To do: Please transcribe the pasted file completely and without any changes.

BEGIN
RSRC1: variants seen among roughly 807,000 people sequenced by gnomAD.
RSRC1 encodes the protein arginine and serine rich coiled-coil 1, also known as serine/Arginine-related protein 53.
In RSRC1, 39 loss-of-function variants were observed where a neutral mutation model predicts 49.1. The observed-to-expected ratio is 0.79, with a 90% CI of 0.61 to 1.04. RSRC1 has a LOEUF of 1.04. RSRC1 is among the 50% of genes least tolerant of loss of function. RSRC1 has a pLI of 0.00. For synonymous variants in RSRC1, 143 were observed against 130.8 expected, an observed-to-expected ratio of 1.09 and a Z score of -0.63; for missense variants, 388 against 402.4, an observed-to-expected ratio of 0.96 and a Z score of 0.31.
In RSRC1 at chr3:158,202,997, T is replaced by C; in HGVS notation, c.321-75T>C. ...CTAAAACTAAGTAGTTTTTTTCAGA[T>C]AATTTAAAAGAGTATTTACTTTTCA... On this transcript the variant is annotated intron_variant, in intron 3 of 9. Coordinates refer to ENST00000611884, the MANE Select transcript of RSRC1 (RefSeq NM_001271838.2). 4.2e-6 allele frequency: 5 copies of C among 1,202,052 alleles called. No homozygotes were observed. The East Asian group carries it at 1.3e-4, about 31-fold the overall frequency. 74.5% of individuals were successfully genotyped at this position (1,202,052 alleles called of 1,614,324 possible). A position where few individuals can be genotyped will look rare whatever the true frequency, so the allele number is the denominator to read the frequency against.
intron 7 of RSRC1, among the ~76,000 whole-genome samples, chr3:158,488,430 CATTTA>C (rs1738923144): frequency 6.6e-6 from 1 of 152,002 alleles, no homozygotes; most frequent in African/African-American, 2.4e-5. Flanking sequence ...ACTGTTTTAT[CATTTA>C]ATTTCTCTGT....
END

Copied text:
RSRC1: variants seen among roughly 807,000 people sequenced by gnomAD.
RSRC1 encodes the protein arginine and serine rich coiled-coil 1, also known as serine/Arginine-related protein 53.
In RSRC1, 39 loss-of-function variants were observed where a neutral mutation model predicts 49.1. The observed-to-expected ratio is 0.79, with a 90% CI of 0.61 to 1.04. RSRC1 has a LOEUF of 1.04. RSRC1 is among the 50% of genes least tolerant of loss of function. RSRC1 has a pLI of 0.00. For synonymous variants in RSRC1, 143 were observed against 130.8 expected, an observed-to-expected ratio of 1.09 and a Z score of -0.63; for missense variants, 388 against 402.4, an observed-to-expected ratio of 0.96 and a Z score of 0.31.
In RSRC1 at chr3:158,202,997, T is replaced by C; in HGVS notation, c.321-75T>C. ...CTAAAACTAAGTAGTTTTTTTCAGA[T>C]AATTTAAAAGAGTATTTACTTTTCA... On this transcript the variant is annotated intron_variant, in intron 3 of 9. Coordinates refer to ENST00000611884, the MANE Select transcript of RSRC1 (RefSeq NM_001271838.2). 4.2e-6 allele frequency: 5 copies of C among 1,202,052 alleles called. No homozygotes were observed. The East Asian group carries it at 1.3e-4, about 31-fold the overall frequency. 74.5% of individuals were successfully genotyped at this position (1,202,052 alleles called of 1,614,324 possible). A position where few individuals can be genotyped will look rare whatever the true frequency, so the allele number is the denominator to read the frequency against.
intron 7 of RSRC1, among the ~76,000 whole-genome samples, chr3:158,488,430 CATTTA>C (rs1738923144): frequency 6.6e-6 from 1 of 152,002 alleles, no homozygotes; most frequent in African/African-American, 2.4e-5. Flanking sequence ...ACTGTTTTAT[CATTTA>C]ATTTCTCTGT....